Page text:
I was making decent progress on the book tonight, when I made the mistake of checking social media. I quickly got caught up reading a complaint by a self-identified older white male author, talking about how his demographic is discriminated against in the genre.
Some of his comments were anecdotal, and not statistically meaningful. I pointed out the 2017 #BlackSpecFic Report from Fireside Magazine, which showed that black authors are still underrepresented in SF/F — though there’s been some improvement over the past several years.
One claim was that white men can’t even get on the Hugo ballot anymore, let alone win. So I pointed out that 2/6 authors on the Best Novel ballot this year are, in fact, white men.
But while it’s demonstrably false to say white men can’t get on the ballot, it’s true that last year’s winners were almost entirely women. I mean, with the exception of Best Dramatic Presentation, Long Form, and Best Dramatic Presentation, Short Form, and several winners who identify as genderqueer. But if you limit it to just the prose categories, then yes — not one man among the winners.
This is pointed to as proof of discrimination. Voters are deciding not based on the quality of the story, but the identity of the author. Because Statistics!
Now, nobody I’ve spoken to has talked about voting for someone because of their race or gender or sexuality. They’re voting for books and stories they love. Maybe you don’t love the stories that won, but I’ve seen people squeeing about the books when they come out. I see how excitedly they’re talking about these stories and sharing them and telling everyone to go read them. That love is real — even if you don’t personally share it.
“But if people aren’t discriminating, why aren’t we seeing the same love for stories written by white men?”
I mean, the current NYT #1 bestsellers are all by men, most-or-all of them white. But let’s stick with just the Hugo awards. Doesn’t the lack of men prove discrimination against us?
Stand back, everyone — I’m going to try metaphor!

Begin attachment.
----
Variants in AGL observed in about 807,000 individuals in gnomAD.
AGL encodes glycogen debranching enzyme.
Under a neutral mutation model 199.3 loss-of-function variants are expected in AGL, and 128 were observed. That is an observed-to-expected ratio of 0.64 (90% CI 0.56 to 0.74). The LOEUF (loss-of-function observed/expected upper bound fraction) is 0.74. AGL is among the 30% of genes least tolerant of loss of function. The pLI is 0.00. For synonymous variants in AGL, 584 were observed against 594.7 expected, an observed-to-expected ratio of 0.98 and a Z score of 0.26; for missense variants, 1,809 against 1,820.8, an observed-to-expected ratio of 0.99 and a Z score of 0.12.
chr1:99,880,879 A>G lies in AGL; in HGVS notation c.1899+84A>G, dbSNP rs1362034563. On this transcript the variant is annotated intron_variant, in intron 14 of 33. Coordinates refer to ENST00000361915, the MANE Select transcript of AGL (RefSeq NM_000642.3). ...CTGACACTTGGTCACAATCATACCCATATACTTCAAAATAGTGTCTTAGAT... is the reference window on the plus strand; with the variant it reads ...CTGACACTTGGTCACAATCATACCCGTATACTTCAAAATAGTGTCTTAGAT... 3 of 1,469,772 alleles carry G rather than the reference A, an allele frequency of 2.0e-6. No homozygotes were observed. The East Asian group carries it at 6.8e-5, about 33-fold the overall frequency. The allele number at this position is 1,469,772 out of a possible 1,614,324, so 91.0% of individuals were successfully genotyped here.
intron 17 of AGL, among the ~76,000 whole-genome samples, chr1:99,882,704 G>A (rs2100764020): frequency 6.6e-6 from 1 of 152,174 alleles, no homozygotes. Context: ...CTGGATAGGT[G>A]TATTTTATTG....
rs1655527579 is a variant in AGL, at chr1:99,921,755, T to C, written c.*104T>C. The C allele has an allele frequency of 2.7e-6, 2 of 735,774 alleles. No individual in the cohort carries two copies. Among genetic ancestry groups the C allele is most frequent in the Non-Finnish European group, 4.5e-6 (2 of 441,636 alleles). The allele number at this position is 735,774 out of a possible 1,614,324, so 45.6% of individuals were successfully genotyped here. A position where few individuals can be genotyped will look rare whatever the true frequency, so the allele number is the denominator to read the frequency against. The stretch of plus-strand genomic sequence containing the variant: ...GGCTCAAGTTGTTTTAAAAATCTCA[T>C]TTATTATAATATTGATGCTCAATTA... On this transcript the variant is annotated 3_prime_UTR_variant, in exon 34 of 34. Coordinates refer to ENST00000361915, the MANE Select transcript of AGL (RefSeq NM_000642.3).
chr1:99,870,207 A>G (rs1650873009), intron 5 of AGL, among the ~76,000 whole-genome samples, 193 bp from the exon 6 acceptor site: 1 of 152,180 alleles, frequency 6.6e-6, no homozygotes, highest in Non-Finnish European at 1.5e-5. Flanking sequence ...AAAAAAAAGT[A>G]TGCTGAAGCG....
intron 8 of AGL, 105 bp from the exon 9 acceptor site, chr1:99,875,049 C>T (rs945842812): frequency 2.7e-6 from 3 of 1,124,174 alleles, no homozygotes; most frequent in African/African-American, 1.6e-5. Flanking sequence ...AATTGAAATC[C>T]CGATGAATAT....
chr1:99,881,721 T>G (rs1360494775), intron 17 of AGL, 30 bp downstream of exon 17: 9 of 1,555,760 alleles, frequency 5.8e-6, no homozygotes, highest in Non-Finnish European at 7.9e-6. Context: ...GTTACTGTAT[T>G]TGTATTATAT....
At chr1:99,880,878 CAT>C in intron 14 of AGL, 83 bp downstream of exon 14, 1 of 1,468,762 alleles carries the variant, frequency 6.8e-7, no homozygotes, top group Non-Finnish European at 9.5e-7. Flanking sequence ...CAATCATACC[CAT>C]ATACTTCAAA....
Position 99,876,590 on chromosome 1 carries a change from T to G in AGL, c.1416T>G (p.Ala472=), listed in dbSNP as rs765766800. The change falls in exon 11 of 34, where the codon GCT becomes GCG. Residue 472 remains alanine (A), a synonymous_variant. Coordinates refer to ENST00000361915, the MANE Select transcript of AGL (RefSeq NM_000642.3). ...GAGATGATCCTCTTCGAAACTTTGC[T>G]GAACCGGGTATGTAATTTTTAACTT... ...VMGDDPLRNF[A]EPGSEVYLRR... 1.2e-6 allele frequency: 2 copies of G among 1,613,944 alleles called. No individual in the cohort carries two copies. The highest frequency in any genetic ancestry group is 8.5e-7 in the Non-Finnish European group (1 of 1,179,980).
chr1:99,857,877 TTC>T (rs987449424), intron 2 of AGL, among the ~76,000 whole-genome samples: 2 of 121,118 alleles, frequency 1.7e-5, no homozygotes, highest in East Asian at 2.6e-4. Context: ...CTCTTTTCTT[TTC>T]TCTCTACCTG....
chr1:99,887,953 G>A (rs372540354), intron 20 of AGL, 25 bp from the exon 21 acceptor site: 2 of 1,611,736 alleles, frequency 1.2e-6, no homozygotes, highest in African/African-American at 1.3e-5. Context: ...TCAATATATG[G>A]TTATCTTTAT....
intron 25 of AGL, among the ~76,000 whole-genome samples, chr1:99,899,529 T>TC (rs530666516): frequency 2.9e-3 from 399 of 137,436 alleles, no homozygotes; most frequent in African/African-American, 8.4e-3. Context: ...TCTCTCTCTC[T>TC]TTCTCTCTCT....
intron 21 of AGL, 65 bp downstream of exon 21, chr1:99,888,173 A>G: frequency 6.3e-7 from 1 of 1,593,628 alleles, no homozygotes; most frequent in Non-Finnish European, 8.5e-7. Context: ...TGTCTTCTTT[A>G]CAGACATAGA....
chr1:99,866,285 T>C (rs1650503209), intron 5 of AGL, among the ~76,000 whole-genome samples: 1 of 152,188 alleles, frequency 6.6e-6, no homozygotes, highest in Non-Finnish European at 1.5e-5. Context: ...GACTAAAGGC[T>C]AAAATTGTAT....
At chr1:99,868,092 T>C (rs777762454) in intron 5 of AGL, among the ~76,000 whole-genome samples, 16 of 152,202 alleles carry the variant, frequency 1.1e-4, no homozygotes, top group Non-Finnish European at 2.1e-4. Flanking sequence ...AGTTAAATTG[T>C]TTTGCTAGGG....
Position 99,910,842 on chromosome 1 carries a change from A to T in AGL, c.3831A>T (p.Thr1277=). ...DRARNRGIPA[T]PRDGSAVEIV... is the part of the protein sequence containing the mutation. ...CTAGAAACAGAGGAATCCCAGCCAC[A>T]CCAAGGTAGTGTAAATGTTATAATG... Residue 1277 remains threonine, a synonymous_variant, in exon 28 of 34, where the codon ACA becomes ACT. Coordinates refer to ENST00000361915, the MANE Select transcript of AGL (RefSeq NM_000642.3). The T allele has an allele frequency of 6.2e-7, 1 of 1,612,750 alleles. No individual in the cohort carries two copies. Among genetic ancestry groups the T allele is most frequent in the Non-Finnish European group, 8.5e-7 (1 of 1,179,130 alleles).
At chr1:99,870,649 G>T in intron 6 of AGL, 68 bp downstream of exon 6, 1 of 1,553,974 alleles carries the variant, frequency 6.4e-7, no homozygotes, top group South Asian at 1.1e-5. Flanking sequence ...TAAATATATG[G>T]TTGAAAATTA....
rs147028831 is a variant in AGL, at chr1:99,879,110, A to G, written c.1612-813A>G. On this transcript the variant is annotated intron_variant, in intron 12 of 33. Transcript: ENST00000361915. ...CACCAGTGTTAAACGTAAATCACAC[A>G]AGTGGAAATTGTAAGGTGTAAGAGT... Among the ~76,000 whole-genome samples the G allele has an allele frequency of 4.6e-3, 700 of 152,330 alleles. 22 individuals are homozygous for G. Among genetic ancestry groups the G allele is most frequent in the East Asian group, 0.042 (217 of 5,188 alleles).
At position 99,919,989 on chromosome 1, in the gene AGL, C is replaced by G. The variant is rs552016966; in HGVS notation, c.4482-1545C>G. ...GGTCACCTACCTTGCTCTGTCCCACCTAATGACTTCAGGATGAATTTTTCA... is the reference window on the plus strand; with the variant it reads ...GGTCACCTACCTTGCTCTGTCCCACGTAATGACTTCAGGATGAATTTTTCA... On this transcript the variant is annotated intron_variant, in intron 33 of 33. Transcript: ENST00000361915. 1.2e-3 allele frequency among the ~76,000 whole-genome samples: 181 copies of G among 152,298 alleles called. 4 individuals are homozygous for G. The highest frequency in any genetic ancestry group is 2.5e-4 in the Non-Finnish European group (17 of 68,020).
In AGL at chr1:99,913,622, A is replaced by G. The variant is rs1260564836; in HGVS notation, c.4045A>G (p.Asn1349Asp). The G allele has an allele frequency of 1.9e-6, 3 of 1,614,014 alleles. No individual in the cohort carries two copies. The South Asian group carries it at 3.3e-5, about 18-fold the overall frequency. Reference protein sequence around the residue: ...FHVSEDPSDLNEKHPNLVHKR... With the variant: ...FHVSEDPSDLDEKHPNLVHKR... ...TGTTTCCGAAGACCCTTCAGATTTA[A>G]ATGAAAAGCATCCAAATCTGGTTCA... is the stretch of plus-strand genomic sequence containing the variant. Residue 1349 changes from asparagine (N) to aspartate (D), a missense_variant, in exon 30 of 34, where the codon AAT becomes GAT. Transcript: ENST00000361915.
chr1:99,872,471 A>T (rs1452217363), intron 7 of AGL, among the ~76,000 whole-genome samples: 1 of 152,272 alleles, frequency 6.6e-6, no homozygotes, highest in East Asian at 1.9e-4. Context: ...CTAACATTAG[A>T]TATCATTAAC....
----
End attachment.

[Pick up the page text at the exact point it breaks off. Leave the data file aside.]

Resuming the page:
Imagine you like ice cream. But for your whole life, all you’ve been able to get is vanilla.
Don’t get me wrong — I like vanilla ice cream. There’s nothing wrong with it. I love it in root beer floats or ice cream sundaes or with apple pie or whatever. It’s good stuff.
Then one day, the shops finally start putting out other flavors. Strawberry! Mint chocolate chip! Mackinaw fudge ripple!
After a lifetime of vanilla, what are you going to get?
SF/F has been dominated by white male authors for so long. In many ways, it still is. Is it any wonder people have gotten a little tired of the vanilla? That they’re excited about stories written from other perspectives, other cultural backgrounds, with other characters and settings and worldbuilding and default assumptions?
“But authors aren’t ice cream, and white men can write other perspectives and backgrounds and characters too!”
First of all, you’re wrong. I know for a fact that Pat Rothfuss is actually twelve pints of Rocky Road held together with hard-shell chocolate.
And you’re right, white men can write other perspectives, backgrounds, characters, etc. But a lot of the time, they choose not to. And a lot of the time when they do, it’s done…poorly. You get men writing women thinking about how their breasts boob boobily, bosoming in zero gravity.
Even when authors take the time to listen and do the research, there’s a difference between writing based on research and writing based on real, lived experience.
It’s not that people hate vanilla ice cream. It’s that we’re finally seeing some push for other flavors, and people are excited about it. Their homes are stuffed with vanilla, and they’re trying to get some variety in their freezers.
Can you blame them?
Don’t worry, the grocery stores still stock plenty of vanilla. Lots of people still enjoy it. But it’s not the only option on the shelf anymore. We have 32 flavors and then some.
As for older white men no longer being wanted or welcomed in the genre? Well, it’s only a single anecdata point, but this 44-year-old white dude has felt nothing but welcome here. I’m all for working to make the genre more broadly welcoming to all.
Mirrored from Jim C. Hines.